Monday morning, the Honors C++ class got to watch their code be applied to satellites in space this morning from the International Space Station! The class competed in the final round of the NASA/MIT Zero Robotics challenge.
The SPHERES Challenges are held every fall and open world-class research facilities on the International Space Station to high-school students. Students create code and program small satellites to play a challenging game in zero gravity conditions. The goal is to build critical engineering skills such as problem solving, team work, design thought process and operations training in students. This particular challenge began in September.
During the first three rounds of the tournament, the Mount Saint Joseph team climbed steadily in the standings. The team was the second biggest upward mover in the tournament during the early rounds.
The top 54 teams advanced to the semifinals and were then grouped into three tiers by rank. Groups from Tier 1 were asked to partner with a group from Tier 2 and Tier 2 groups were asked to partner with a group from Tier 3 – creating Alliances consisting of a group from each tier.
The 18 American Alliances competed both against each other and against nine Alliances from Europe, vying for nine spots on the International Space Station. Mount Saint Joseph worked within an Alliance with two other schools – Lexington Christian Academy in Massachusetts and Falmouth High School in Maine. This Alliance ranked fifth among American teams and seventh when counting the Europeans after the semi-final round. The final ranking allows them to compete against others on January 23rd, when astronauts on the International Space Station will run their code on actual sphere satellites in zero gravity.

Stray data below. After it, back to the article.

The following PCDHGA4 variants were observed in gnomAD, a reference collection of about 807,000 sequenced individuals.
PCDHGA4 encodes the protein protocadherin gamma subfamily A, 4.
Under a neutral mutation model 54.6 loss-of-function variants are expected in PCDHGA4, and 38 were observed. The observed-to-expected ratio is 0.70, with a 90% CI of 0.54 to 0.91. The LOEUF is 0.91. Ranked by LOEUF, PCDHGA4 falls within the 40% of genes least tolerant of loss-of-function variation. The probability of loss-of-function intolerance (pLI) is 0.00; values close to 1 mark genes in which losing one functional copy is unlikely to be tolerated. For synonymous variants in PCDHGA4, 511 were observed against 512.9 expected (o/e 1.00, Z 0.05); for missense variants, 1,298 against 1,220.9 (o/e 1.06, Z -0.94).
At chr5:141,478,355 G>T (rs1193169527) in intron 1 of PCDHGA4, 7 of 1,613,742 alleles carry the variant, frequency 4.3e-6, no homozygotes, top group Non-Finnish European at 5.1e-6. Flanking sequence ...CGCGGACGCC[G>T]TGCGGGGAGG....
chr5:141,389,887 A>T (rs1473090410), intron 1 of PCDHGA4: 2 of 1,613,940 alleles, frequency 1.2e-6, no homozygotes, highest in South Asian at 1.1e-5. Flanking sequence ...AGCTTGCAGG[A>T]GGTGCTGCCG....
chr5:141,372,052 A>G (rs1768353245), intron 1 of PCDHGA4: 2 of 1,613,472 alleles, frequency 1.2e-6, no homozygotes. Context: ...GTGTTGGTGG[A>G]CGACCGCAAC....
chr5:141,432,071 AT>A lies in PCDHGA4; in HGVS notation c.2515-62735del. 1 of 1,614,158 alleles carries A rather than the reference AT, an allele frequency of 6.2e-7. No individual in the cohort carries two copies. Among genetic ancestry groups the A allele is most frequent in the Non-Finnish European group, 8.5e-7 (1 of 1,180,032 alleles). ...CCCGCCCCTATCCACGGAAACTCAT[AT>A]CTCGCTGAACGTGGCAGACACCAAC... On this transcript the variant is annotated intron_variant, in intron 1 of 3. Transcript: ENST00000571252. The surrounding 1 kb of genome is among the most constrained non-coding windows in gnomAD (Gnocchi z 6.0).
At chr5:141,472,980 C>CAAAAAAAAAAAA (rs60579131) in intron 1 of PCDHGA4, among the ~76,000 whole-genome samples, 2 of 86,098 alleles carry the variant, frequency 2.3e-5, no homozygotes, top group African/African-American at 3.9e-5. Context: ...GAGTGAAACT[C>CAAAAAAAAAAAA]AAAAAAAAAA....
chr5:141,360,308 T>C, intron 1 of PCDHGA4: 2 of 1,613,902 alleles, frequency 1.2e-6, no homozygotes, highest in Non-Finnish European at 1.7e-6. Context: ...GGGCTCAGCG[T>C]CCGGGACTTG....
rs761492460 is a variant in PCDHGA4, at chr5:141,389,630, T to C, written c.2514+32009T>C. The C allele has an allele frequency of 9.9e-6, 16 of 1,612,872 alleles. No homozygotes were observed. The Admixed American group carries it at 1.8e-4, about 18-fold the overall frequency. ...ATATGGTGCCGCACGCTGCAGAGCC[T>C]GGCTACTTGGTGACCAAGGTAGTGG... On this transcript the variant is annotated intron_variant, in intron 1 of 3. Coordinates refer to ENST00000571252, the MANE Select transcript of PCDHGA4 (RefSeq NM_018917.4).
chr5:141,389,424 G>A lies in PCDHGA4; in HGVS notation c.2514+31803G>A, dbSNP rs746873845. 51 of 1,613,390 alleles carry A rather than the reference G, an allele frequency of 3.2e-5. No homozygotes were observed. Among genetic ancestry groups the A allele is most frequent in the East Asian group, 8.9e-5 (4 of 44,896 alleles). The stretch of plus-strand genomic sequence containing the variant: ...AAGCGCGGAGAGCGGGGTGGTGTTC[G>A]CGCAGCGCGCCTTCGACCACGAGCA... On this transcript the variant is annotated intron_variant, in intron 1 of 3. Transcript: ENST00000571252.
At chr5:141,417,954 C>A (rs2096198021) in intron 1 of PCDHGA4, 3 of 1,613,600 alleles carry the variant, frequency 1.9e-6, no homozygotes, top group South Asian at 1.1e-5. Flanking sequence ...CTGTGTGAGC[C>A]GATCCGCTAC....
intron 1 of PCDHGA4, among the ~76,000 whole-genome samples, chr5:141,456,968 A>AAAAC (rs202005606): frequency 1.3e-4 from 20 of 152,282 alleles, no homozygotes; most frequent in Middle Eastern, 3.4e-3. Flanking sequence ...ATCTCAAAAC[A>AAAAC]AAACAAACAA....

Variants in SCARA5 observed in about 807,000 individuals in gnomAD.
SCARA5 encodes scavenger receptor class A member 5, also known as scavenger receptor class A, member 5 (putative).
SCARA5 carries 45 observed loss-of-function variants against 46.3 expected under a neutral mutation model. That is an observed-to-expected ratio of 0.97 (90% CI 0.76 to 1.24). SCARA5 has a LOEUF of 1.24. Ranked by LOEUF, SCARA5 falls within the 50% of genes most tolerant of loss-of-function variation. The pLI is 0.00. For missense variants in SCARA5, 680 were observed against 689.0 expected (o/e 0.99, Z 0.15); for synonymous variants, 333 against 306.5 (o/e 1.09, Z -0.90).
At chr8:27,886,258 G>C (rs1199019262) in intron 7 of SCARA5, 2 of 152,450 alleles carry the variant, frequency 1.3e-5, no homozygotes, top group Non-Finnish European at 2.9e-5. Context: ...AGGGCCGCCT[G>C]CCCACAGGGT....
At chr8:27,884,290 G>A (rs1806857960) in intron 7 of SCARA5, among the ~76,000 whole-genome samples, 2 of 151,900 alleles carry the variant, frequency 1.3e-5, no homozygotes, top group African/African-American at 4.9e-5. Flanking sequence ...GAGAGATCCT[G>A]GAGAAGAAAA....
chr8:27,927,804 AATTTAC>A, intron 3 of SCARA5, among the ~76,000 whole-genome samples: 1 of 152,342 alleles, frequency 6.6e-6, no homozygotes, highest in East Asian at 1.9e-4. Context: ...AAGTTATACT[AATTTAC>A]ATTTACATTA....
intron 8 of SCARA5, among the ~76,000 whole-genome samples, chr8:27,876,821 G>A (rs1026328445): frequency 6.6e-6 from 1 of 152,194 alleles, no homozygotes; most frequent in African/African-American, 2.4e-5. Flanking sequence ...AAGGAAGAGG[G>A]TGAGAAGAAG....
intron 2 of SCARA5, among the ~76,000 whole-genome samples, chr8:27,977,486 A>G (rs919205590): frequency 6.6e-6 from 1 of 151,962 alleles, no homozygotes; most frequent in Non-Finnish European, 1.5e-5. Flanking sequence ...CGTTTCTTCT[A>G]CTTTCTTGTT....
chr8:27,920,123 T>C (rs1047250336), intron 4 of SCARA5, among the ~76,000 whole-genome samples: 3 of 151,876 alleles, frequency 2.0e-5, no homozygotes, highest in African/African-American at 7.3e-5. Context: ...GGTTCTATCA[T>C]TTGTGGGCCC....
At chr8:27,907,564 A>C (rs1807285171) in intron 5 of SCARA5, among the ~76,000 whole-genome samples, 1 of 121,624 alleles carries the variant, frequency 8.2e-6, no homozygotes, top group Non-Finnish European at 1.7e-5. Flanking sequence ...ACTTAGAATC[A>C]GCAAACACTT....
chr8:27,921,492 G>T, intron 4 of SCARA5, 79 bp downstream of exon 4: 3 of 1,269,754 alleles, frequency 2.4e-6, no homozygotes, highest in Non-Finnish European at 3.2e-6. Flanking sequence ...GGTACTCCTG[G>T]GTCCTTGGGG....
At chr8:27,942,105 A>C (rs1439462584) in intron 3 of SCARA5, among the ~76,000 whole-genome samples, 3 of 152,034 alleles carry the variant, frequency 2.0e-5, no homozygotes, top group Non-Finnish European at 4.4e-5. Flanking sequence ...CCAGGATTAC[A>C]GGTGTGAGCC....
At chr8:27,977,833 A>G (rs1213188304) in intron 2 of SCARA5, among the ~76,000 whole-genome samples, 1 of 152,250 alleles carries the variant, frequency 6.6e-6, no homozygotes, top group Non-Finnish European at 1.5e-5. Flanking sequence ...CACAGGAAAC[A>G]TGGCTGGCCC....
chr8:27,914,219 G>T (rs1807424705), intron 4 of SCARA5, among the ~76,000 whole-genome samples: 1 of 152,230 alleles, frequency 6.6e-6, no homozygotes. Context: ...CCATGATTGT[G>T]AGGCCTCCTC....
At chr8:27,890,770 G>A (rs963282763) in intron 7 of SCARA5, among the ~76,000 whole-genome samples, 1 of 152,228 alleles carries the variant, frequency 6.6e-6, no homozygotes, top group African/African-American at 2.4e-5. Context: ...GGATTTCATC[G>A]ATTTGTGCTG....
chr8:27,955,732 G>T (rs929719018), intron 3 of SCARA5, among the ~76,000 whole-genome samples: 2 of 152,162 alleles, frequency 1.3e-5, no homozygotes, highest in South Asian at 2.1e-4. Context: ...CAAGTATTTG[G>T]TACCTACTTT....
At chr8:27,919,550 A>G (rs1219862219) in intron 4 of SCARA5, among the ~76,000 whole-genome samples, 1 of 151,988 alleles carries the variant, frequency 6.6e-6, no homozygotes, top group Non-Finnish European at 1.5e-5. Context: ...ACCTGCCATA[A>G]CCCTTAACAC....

“It’s a great opportunity for the students to apply engineering, math, physics, and computer science concepts in a really cool tournament,” said Mr. George Kapusinski, Computer Science teacher and mentor to the Mount Saint Joseph team. “Here at Mount Saint Joseph, we believe in academic excellence and these results demonstrate that we can compete with the top schools in the country.”
Mount Saint Joseph and its Alliance placed third in the NASA/MIT Zero Robotics Challenge. The top three teams were only separated by three points, making it a very close competition.
Articles were written on this topic by both the Catonsville Times and Examiner.com.